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Fuel economy standards drive down projected gasoline use

Hydrocarbon Engineering,


In the US Energy Information Administration’s (EIA) Annual Energy Outlook 2014 Reference case, more stringent vehicle fuel economy standards contribute to a decline in motor gasoline consumption through 2040.

At the same time, the outlook anticipates growth in heavy duty vehicle miles travelled (VMT) that is greater than increasing heavy duty vehicle fuel economy, contributing to rising fuel demand.

According to the EIA, one of the primary drivers in the decline in motor gasoline consumption is more stringent fuel economy standards that will require new light duty vehicles to average approximately 49 miles/gal. in vehicle model year (MY) 2025. The current compliance estimate is approximately 33 miles/gal. in MY 2012.

The Reference case projects an increase in VMT that, all else equal, would increase motor gasoline fuel consumption. However, higher fuel efficiency standards more than offset this increase to result in an overall decline in motor gasoline consumption.

Meanwhile, a strong increase in heavy duty VMT leads to an increase in consumption of diesel fuel, even as heavy-duty vehicle fuel economy increases in response to EPA fuel efficiency and greenhouse gas emissions standards.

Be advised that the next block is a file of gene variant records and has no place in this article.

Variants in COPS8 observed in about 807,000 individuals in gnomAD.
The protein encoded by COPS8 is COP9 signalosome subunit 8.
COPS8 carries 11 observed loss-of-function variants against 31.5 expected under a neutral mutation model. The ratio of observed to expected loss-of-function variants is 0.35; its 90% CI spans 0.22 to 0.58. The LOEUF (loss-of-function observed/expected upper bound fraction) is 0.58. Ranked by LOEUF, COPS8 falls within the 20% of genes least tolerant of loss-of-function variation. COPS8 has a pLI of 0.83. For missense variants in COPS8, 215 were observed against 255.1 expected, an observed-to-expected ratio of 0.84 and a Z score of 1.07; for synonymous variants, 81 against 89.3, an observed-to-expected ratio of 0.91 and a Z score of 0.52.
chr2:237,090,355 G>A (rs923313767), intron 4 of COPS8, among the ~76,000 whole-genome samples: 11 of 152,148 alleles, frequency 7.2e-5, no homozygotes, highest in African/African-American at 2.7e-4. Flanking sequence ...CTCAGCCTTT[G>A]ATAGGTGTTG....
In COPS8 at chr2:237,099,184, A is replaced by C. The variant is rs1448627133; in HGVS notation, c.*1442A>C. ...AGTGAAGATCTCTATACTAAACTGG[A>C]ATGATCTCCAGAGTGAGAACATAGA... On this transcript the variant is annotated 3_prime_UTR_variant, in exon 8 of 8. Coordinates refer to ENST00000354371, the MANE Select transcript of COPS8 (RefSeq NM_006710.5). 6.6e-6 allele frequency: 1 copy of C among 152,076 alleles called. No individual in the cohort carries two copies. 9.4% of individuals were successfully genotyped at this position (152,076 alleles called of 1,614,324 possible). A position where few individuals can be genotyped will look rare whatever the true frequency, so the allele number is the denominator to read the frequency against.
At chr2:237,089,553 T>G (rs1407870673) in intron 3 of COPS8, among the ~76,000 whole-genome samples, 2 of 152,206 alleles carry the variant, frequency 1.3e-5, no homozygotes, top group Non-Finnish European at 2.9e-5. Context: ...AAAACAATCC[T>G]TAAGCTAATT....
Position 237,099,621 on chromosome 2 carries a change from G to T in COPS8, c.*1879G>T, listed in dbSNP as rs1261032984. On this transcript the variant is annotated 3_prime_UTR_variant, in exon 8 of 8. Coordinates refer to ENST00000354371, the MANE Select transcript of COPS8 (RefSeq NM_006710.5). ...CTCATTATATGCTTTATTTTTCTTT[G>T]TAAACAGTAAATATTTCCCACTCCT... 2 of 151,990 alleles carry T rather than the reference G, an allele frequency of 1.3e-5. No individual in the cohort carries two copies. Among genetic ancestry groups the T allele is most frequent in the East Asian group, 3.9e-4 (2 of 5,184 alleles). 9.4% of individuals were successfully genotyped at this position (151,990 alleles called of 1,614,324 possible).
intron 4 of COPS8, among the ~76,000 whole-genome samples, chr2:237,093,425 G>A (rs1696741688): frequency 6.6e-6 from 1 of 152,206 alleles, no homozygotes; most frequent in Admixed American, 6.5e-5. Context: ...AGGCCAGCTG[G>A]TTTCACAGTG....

EIA expects new refinery projects to focus on shifting production from gasoline to distillate fuels to meet growing domestic and global demand for diesel. In addition to meeting domestic demand, refineries continue to export finished products to international markets throughout the projection. The US became a net exporter of finished petroleum products in 2011, with net petroleum exports growing in the Reference case through 2040.

The EIA has emphasized that the projections for gasoline and diesel use in the Reference case reflect current laws and policies, including fuel efficiency standards that have already been issued as final rules. Further efficiency standards and changes in travel behaviour are key uncertainties that could result in future fuel use being different from the Reference case projections.


Adapted from a press release by Emma McAleavey.

Read the article online at: https://www.hydrocarbonengineering.com/gas-processing/26062014/fuel_economy_standards_797/


 

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